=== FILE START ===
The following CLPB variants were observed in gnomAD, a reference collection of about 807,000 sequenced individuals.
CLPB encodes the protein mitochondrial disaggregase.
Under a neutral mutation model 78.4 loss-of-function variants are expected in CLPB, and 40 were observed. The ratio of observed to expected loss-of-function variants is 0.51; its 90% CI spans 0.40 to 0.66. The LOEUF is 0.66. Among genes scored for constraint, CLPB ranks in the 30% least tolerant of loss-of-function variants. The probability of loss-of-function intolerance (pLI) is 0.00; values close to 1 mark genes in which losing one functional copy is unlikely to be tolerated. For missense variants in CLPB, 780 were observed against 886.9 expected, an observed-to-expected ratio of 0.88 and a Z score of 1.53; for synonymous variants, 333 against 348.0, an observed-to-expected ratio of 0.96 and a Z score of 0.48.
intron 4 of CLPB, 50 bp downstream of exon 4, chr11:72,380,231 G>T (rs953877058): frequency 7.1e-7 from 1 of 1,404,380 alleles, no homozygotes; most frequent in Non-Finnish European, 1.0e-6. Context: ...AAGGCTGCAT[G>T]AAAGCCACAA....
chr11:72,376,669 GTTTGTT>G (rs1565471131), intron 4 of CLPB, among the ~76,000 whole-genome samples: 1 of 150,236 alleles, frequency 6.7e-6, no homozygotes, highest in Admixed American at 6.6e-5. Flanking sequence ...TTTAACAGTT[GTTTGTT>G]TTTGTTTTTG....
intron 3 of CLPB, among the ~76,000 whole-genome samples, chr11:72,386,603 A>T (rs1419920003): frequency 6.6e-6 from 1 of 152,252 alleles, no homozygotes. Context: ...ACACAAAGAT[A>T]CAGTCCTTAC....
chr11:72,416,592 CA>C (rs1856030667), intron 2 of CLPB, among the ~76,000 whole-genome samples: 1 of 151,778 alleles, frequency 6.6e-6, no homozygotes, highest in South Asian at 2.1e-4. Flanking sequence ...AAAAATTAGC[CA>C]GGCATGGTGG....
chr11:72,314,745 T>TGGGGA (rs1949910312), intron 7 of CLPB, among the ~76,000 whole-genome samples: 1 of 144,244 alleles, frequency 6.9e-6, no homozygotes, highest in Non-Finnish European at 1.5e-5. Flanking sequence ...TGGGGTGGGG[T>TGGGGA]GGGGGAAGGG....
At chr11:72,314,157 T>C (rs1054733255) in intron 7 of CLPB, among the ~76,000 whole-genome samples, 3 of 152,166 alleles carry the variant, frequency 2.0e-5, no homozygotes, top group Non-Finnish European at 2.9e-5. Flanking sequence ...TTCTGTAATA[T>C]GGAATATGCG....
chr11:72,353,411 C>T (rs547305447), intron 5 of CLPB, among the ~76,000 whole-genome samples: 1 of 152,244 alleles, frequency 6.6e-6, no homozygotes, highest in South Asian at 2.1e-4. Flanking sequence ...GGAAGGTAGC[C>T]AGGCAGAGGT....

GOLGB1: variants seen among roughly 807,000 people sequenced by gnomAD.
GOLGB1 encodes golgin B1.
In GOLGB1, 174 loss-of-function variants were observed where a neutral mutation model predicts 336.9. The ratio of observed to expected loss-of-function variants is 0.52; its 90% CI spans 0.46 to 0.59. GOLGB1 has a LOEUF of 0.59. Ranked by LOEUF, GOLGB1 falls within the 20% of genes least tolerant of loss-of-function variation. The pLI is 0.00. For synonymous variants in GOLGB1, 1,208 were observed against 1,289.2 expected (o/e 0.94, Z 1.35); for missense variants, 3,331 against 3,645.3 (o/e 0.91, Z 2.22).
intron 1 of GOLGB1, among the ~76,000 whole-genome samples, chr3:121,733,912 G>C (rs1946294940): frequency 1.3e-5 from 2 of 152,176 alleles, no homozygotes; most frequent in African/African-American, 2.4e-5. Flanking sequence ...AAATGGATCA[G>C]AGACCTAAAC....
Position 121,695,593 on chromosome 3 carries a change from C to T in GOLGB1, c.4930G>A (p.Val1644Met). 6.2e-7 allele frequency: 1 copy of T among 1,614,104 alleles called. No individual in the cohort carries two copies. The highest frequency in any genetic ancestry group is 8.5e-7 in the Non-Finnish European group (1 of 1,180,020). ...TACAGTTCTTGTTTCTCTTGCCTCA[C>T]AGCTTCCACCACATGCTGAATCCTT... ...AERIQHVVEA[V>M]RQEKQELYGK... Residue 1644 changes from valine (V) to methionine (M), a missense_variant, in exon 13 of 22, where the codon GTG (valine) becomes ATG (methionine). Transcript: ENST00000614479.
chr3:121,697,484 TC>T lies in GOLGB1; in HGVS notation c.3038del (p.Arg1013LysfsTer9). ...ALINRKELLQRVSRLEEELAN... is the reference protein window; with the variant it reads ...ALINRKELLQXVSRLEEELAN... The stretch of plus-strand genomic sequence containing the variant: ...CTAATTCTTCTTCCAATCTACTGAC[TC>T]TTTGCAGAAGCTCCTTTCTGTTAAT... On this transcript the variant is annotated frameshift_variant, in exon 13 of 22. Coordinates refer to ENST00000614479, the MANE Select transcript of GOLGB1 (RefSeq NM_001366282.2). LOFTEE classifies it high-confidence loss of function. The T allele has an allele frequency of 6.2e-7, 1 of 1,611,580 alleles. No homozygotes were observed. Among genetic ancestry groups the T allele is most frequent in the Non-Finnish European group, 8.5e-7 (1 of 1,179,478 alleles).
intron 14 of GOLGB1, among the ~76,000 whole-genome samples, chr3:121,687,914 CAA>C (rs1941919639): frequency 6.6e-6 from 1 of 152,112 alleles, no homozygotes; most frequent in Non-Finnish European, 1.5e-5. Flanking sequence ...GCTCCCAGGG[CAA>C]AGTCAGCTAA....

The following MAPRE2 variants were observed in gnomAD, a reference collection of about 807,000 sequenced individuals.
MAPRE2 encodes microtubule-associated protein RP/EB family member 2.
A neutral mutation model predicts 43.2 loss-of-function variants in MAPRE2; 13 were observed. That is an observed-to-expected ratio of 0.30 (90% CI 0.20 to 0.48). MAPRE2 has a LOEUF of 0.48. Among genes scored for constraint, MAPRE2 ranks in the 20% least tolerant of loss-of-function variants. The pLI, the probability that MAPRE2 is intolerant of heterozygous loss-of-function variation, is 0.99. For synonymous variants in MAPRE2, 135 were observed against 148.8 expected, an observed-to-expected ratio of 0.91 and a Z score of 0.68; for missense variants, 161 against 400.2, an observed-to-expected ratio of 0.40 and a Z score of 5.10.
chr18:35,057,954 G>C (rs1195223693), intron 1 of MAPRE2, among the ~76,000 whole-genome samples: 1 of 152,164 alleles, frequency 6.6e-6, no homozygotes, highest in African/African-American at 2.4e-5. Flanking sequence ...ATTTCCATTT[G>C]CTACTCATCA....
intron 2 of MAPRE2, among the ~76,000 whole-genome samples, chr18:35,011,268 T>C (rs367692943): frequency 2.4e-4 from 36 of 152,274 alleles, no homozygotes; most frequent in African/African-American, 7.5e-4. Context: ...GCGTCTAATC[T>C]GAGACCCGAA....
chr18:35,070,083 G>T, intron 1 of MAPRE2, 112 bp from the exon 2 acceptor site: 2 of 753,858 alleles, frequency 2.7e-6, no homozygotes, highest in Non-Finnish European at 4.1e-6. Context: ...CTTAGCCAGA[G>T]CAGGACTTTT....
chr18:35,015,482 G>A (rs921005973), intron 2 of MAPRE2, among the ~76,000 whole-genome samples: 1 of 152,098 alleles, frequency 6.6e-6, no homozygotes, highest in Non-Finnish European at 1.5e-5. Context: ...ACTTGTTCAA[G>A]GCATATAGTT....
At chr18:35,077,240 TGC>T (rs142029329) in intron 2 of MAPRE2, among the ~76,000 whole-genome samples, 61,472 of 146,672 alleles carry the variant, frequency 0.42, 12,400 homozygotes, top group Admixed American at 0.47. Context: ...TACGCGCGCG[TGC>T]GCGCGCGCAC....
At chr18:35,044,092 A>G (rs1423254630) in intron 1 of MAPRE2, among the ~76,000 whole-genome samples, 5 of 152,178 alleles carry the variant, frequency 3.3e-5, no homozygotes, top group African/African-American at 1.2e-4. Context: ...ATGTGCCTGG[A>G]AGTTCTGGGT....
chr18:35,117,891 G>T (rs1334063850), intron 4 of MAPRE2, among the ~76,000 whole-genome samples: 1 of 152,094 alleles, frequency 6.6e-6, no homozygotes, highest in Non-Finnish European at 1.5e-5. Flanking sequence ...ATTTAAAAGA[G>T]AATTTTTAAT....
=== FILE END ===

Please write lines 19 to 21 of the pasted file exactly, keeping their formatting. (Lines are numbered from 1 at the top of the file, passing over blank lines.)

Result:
MAPRE2 encodes microtubule-associated protein RP/EB family member 2.
A neutral mutation model predicts 43.2 loss-of-function variants in MAPRE2; 13 were observed. That is an observed-to-expected ratio of 0.30 (90% CI 0.20 to 0.48). MAPRE2 has a LOEUF of 0.48. Among genes scored for constraint, MAPRE2 ranks in the 20% least tolerant of loss-of-function variants. The pLI, the probability that MAPRE2 is intolerant of heterozygous loss-of-function variation, is 0.99. For synonymous variants in MAPRE2, 135 were observed against 148.8 expected, an observed-to-expected ratio of 0.91 and a Z score of 0.68; for missense variants, 161 against 400.2, an observed-to-expected ratio of 0.40 and a Z score of 5.10.
chr18:35,057,954 G>C (rs1195223693), intron 1 of MAPRE2, among the ~76,000 whole-genome samples: 1 of 152,164 alleles, frequency 6.6e-6, no homozygotes, highest in African/African-American at 2.4e-5. Flanking sequence ...ATTTCCATTT[G>C]CTACTCATCA....